With my fiance, Jeff, and our two cats, Mojo and Tiki, I live in a bright blue 1956 house in the Westlake District, a mid-century development in Daly City, a suburb of San Francisco. Westlake, by the way, was immortalized as the inspiration for Malvina Reynolds’ 1962 song Little Boxes. 1962, coincidentally, also was the year I was born.
I grew up in the mountains of Alleghany County, Virginia. Much of the county is rural and even agricultural, with a multitude of hot springs and waterfalls, several national forests and a large, gorgeous lake. Covington, the county seat, though, is rather unfortunately marred aesthically — though almost solely supported — by the paper mill that dominates the city both visually and economically.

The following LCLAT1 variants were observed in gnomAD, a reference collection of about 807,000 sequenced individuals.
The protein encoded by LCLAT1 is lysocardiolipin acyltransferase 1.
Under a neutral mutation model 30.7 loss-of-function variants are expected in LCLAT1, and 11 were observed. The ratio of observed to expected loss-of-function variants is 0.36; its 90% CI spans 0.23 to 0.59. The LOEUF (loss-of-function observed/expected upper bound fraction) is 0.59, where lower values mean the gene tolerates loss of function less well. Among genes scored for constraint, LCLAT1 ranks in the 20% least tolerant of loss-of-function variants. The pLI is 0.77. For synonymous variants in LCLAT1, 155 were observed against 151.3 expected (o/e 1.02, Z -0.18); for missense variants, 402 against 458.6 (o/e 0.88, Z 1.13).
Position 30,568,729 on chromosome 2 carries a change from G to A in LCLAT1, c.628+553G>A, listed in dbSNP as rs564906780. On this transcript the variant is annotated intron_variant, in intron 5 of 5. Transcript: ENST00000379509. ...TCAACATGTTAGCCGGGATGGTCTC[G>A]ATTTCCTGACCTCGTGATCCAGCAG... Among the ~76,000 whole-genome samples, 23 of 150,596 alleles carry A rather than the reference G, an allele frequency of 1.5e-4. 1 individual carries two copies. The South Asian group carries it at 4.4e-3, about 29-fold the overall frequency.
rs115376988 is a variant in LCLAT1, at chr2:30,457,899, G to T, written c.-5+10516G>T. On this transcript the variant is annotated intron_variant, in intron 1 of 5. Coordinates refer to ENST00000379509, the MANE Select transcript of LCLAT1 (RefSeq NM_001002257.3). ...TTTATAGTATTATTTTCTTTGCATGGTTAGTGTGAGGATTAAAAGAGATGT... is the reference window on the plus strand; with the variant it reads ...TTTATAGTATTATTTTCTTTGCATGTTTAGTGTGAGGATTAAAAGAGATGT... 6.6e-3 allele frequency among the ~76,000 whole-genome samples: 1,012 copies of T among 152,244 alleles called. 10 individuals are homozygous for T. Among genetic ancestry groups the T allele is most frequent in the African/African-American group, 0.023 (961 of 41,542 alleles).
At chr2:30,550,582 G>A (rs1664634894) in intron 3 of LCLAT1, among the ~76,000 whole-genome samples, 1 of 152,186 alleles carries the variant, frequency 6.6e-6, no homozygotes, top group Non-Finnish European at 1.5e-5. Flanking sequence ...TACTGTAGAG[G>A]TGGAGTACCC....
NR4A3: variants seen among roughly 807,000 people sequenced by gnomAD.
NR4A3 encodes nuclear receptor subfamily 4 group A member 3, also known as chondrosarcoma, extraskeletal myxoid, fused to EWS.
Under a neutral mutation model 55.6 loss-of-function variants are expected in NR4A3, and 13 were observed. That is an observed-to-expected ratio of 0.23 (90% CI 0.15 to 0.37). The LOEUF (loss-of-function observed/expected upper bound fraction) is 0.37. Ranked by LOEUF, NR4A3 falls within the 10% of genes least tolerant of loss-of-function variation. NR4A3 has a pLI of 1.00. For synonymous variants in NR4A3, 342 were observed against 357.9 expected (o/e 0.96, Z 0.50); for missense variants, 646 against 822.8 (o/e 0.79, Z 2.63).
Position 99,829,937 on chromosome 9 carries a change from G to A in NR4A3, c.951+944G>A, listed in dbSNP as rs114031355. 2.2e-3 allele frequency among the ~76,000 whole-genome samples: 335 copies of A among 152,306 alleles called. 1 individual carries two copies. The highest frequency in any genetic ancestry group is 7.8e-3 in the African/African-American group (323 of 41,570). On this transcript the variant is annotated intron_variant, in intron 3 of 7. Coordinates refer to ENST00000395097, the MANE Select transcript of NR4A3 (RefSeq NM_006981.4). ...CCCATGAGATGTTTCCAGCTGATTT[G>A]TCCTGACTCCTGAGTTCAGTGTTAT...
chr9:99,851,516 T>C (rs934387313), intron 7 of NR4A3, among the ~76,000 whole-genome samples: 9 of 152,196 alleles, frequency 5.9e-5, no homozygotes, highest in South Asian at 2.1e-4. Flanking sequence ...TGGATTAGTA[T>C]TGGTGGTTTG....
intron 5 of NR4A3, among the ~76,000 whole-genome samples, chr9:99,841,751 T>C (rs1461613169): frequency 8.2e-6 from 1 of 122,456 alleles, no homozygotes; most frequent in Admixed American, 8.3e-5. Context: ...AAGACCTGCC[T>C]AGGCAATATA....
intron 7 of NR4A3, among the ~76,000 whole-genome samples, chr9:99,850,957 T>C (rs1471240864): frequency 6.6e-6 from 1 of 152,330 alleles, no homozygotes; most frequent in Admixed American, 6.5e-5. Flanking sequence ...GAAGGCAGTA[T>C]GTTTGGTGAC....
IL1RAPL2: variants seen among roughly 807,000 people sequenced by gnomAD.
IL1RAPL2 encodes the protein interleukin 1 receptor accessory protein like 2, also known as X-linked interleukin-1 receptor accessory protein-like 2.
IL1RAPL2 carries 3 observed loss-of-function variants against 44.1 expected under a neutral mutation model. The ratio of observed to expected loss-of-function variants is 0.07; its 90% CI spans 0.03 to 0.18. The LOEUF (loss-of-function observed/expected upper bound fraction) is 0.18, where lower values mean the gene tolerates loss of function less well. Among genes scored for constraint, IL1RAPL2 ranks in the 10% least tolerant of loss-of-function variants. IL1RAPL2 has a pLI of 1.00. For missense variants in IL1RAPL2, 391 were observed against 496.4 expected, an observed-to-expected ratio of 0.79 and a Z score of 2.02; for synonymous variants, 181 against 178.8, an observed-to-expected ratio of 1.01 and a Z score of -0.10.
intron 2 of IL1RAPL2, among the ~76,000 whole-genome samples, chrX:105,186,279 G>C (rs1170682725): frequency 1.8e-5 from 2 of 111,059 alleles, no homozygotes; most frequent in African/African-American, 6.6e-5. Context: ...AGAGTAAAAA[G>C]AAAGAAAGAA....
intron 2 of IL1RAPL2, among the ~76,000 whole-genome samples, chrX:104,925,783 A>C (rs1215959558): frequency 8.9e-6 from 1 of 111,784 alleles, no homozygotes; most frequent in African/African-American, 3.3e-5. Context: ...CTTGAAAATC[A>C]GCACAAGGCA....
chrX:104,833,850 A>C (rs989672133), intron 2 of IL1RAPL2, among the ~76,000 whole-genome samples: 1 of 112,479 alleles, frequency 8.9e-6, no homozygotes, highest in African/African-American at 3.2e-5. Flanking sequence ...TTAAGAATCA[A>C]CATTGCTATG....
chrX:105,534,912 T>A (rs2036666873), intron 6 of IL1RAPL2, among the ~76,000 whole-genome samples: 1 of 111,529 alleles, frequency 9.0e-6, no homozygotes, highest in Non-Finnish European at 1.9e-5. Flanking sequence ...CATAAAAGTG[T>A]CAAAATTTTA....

As for many people, while my hometown is a place I couldn’t wait to leave, I do appreciate it more and more as I get older. While I don’t think I could ever live there again permanently, in many ways it’s a more relaxing place than anywhere I’ve lived since. Best of all, you still can see glorious starry night skies there, with almost no urban light to interfere.
At 18, I went away to Harvard, living in Cambridge, Somerville and Boston for seven years. In 1987, I moved to Washington, DC and northern Virginia “for a year, two at most” but stayed for 19.
Jeff and I met in 2003. Originally from the Bay Area (in fact, we now live in the house in which he lived from birth through third grade), he wanted to return and I’d always wanted to move here, so in 2006 we put our cat, Alex, in the Prius and drove five days across country. California suits me.